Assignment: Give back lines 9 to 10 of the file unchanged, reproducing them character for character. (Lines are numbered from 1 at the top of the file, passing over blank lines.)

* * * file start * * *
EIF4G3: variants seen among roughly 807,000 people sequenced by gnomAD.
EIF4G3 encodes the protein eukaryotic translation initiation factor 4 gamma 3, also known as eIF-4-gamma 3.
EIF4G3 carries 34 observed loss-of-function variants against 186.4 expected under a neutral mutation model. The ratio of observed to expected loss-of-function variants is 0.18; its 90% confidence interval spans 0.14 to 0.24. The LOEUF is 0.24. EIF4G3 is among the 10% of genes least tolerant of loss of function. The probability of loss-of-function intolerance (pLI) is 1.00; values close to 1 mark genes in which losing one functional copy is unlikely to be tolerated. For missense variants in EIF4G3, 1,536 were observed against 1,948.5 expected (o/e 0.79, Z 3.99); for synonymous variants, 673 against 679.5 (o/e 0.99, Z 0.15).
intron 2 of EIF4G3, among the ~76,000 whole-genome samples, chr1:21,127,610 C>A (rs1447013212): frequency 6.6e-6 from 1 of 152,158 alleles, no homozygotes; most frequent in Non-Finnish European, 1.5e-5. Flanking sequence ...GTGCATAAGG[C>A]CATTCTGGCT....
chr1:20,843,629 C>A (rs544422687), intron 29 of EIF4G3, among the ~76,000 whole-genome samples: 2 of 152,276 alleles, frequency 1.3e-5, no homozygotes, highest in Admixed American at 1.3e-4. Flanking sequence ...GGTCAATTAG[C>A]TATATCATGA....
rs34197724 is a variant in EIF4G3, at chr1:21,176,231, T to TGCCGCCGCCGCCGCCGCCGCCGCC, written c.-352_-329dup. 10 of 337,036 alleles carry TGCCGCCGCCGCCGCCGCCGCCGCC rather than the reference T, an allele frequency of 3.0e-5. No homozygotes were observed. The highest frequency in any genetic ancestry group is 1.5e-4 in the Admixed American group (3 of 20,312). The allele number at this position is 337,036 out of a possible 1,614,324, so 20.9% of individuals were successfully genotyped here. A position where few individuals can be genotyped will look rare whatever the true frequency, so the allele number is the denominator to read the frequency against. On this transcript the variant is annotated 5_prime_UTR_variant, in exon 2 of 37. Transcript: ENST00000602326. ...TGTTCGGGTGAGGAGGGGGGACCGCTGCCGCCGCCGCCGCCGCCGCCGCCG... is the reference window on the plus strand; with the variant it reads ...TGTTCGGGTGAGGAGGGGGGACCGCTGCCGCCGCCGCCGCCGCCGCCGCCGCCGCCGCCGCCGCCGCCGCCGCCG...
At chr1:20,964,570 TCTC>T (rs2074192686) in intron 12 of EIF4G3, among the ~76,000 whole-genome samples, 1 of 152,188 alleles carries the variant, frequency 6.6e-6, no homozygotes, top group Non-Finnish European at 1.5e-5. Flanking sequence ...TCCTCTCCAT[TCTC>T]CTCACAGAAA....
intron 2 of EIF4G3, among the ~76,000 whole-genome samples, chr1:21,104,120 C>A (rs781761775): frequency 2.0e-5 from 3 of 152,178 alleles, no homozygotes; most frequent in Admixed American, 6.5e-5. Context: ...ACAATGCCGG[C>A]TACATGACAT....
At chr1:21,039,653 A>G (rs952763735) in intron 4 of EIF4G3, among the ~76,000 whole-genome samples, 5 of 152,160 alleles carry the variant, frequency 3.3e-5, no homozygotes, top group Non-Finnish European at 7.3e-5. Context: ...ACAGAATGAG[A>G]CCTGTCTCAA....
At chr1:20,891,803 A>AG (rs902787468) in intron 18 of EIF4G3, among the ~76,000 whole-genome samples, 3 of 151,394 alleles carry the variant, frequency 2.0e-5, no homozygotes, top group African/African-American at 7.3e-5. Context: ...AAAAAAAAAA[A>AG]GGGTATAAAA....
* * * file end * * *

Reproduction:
At chr1:21,039,653 A>G (rs952763735) in intron 4 of EIF4G3, among the ~76,000 whole-genome samples, 5 of 152,160 alleles carry the variant, frequency 3.3e-5, no homozygotes, top group Non-Finnish European at 7.3e-5. Context: ...ACAGAATGAG[A>G]CCTGTCTCAA....
At chr1:20,891,803 A>AG (rs902787468) in intron 18 of EIF4G3, among the ~76,000 whole-genome samples, 3 of 151,394 alleles carry the variant, frequency 2.0e-5, no homozygotes, top group African/African-American at 7.3e-5. Context: ...AAAAAAAAAA[A>AG]GGGTATAAAA....